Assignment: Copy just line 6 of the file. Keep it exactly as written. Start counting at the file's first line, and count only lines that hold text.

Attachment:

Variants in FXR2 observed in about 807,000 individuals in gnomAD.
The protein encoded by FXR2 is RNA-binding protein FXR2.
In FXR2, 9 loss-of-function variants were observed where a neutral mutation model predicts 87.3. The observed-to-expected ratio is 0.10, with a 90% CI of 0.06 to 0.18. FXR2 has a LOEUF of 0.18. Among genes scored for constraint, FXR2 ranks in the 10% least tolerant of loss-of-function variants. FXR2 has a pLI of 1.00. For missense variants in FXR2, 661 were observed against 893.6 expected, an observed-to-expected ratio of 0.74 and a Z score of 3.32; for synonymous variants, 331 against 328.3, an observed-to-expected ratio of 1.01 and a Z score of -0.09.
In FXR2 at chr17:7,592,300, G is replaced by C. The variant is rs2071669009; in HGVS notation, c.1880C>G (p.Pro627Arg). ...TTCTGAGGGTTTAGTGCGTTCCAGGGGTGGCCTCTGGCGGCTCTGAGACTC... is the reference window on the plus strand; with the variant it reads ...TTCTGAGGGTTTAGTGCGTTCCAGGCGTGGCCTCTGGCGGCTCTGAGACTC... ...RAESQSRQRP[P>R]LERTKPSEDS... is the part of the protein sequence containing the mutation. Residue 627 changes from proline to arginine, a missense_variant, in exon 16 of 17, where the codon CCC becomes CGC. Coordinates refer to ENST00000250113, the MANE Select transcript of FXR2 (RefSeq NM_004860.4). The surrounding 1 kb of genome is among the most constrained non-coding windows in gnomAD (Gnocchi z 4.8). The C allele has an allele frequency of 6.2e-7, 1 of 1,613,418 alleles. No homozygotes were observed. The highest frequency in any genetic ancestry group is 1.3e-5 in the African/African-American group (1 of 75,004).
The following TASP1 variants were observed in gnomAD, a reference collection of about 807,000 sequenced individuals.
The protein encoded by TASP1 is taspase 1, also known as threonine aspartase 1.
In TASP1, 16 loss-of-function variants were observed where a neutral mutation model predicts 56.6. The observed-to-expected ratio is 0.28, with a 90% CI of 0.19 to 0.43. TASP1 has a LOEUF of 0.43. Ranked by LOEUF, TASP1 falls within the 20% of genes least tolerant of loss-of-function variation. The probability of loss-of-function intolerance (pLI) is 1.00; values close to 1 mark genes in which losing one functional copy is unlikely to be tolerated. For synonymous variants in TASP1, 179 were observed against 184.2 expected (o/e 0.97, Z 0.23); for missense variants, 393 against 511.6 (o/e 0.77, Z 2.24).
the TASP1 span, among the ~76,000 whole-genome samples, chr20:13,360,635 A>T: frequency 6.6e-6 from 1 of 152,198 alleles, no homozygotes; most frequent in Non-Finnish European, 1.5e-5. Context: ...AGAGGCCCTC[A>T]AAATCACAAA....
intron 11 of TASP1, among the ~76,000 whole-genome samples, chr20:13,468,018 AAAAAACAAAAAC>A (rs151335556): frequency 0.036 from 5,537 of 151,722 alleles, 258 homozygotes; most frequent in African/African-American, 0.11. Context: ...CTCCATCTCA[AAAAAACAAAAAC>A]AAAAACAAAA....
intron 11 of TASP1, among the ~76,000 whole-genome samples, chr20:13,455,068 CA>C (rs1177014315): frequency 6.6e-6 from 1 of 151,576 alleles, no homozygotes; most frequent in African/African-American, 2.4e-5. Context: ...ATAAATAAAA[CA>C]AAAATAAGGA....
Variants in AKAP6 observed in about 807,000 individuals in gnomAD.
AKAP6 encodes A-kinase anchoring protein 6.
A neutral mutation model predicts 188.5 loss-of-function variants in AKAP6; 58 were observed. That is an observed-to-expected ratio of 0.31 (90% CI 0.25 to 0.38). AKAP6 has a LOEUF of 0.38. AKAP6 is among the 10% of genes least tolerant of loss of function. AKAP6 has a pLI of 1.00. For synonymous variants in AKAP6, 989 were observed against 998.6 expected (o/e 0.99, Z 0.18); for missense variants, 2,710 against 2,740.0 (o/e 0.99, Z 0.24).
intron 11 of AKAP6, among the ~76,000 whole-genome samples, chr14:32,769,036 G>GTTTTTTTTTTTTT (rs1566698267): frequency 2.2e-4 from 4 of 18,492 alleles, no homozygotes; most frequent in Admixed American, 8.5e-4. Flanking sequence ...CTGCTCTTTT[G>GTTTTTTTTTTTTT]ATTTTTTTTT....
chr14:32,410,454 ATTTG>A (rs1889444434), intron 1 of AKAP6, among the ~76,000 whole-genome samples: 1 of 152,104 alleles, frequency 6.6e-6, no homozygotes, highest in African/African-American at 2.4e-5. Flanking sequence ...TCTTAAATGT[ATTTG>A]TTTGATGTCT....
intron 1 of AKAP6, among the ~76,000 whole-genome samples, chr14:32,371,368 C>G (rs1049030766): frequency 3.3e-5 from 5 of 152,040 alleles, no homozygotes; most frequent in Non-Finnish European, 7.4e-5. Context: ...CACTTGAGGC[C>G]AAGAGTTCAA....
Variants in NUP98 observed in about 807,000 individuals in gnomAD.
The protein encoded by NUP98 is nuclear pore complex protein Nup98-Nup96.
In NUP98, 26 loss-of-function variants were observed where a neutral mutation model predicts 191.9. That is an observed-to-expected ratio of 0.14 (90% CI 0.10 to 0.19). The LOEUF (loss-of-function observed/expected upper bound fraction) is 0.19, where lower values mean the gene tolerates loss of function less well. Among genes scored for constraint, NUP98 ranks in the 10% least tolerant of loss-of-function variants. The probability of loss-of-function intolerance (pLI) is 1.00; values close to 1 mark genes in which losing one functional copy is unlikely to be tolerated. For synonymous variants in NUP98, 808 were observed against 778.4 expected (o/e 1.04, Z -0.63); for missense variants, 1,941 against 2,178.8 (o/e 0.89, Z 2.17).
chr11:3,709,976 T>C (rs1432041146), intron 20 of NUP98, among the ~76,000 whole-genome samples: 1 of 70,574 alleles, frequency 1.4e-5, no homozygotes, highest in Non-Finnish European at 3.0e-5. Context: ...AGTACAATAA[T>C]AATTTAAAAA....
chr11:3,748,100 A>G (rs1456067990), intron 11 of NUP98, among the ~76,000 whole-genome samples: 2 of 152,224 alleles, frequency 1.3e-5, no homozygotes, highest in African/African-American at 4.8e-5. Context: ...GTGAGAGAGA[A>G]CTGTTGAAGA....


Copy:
The protein encoded by TASP1 is taspase 1, also known as threonine aspartase 1.